Birney Bull (J.D. 1983)
Private Practice, Adoption Law
Mr. Bull currently works at his own firm, the Adoption Law Office of Birney O’Brian Bull in Savannah, Georgia. He served on the board of directors of a crisis pregnancy center for over ten years before limiting his practice to adoptions. Mr. Bull believes that practicing adoption law is what God has called him to do. Though he has had several assistants and law student summer interns, Mr. Bull has always been the only attorney in his office, and is currently the only employee. He deals mostly with adoptive parents, though he has frequently represented birth parents as well. His clients hear about him through word of mouth, Internet searches, and referrals from other lawyers. Before beginning his firm, Mr. Bull worked as law clerk to two local judges, Judge David R. Elmore and Judge Perry Brannen, Jr. Between these, he did insurance defense for six years and then written advocacy for other lawyers by association for another six years. Licensed since 1983, Mr. Bull has been involved in a little bit of everything law-related.
To law students and recent graduates searching for positions, Mr. Bull advises: “If you get to the middle of your life and discover that you sold your soul to get a good income, you paid too much.” A shrewd career decision from a financial viewpoint will quickly transform into an unwise decision if your heart isn’t in the work. However, if your heart is in it, you’ll find a way to make even a difficult practice area work for you. Mr. Bull quotes the career-search cliché, “Follow your heart, and the money will take care of itself.”
Mr. Bull’s practice is a niche practice and there are positive aspects and marketing advantages to this format. Whether companies or individuals, clients are not as likely to have only one lawyer or firm handle all of their legal work as in the past. The law has become too complex for individuals, or even individual firms, to do “a little bit of everything” competently, let alone well. Lawyers and firms are focusing on fewer and fewer areas so they can remain current. Often, Mr. Bull’s satisfied clients express their wish that he could handle other, non-adoption related issues for them, but he no longer attempts to handle things outside of his chosen field of adoption.
If you have a niche practice, it allows you to become one of the “go to” people on that subject in your locale. This is true for clients as well as other lawyers. Other lawyers frequently contact Mr. Bull for information about how to conduct a certain part of the adoption process. Another advantage is that even lawyers whose clients do still look to them for all of their legal work will have no concerns that referring their client to you for that one area could lead to them “losing” that client. Since you only do one thing, you will send that client back for everything else. The more of a “go to” person you become in your field, the easier promotion of your practice becomes through activities such as addressing relevant groups, giving news quotes on relevant stories, and so on. The fewer topics on which you focus, the more feasible it becomes to remain up to date.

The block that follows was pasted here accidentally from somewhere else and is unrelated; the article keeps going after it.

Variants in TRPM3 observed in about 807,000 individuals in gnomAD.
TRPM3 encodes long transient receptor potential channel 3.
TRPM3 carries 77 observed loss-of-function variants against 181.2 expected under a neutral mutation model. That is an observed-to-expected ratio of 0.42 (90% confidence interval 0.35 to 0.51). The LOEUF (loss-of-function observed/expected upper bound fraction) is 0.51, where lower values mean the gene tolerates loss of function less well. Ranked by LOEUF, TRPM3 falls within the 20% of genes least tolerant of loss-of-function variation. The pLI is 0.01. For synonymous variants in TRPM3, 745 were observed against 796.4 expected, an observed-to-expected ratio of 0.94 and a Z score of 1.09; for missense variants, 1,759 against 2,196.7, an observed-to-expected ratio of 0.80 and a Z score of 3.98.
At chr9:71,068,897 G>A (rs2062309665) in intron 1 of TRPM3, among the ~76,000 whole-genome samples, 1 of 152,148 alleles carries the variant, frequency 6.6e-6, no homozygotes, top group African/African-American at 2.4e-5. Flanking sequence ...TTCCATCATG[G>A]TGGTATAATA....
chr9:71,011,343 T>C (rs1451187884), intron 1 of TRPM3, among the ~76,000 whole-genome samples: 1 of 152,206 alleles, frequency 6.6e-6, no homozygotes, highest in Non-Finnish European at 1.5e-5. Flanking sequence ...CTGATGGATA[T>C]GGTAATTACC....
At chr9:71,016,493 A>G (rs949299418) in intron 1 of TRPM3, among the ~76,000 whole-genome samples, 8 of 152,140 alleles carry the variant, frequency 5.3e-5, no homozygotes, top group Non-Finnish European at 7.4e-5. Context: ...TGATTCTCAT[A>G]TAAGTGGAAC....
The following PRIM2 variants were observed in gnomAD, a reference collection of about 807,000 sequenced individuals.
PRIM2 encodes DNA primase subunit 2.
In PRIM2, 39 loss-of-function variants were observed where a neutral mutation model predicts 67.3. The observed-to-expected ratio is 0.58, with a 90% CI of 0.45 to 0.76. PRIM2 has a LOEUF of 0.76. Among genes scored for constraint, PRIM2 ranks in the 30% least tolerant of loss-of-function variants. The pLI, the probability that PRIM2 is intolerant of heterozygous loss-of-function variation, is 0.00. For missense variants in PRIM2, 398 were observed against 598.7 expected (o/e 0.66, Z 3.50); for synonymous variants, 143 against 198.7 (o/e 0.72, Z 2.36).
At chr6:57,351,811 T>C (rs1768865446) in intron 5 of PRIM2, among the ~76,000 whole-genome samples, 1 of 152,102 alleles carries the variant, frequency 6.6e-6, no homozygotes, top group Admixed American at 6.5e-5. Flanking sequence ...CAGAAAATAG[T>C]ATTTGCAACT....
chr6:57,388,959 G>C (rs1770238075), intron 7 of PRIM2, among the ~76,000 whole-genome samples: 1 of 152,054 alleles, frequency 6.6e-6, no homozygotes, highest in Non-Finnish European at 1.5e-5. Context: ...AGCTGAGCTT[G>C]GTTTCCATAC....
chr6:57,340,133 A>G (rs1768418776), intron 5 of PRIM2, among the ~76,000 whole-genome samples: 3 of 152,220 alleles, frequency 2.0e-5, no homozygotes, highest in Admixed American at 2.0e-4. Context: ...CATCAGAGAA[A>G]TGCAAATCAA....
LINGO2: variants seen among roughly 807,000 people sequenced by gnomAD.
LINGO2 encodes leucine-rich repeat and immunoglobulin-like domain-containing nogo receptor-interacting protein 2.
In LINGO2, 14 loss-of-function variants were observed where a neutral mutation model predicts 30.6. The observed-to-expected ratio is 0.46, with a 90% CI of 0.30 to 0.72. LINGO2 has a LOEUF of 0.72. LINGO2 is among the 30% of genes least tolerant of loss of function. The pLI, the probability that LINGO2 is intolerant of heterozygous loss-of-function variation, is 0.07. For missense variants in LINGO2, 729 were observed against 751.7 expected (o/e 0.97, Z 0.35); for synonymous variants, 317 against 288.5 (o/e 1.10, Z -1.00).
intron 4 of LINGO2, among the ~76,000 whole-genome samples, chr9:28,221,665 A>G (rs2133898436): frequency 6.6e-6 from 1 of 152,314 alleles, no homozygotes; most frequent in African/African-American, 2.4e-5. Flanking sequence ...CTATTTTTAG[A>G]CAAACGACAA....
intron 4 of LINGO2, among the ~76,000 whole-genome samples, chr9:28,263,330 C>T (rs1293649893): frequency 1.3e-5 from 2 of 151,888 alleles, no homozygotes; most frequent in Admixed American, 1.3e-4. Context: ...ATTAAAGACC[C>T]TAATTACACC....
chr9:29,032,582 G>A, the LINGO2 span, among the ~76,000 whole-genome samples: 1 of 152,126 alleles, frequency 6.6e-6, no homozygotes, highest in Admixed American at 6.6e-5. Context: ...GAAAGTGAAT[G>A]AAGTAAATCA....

Like finding your spouse, there is no blueprint for finding your purpose in law practice. Mr. Bull suggests trying new things much the way you try on clothes before you buy them. It took twenty years of law-related work before he focused on adoption. Look for firms that do the sort of work you’re interested in. For those intrigued by adoption work, remember that adoption is very state-specific. Therefore, starting with a particular state or region would be best when targeting firms that deal with adoptions. It might be good to seek out a smallish firm that does family work. Though these deal largely with divorces, they can probably give you some adoption experience. There are a few firms in Georgia, including Mr. Bull’s, that concentrate solely on adoption.
One of the things they don’t tend to mention in law school is that, while the “customer” is always right, the “client” is sometimes wrong ... and wants you to facilitate that wrongdoing. On the one hand, clients may not even realize that what they want to do is wrong, and it is the attorney’s job to tell them. On the other, when they DO know it is wrong, no fee can make Mr. Bull feel OK about doing that kind of work. Another thing not dwelt on in law school is how attorneys are paid to take on other people’s problems. The danger then is becoming resentful that people want you to wave a magic wand over their problems, perhaps even ones they created themselves.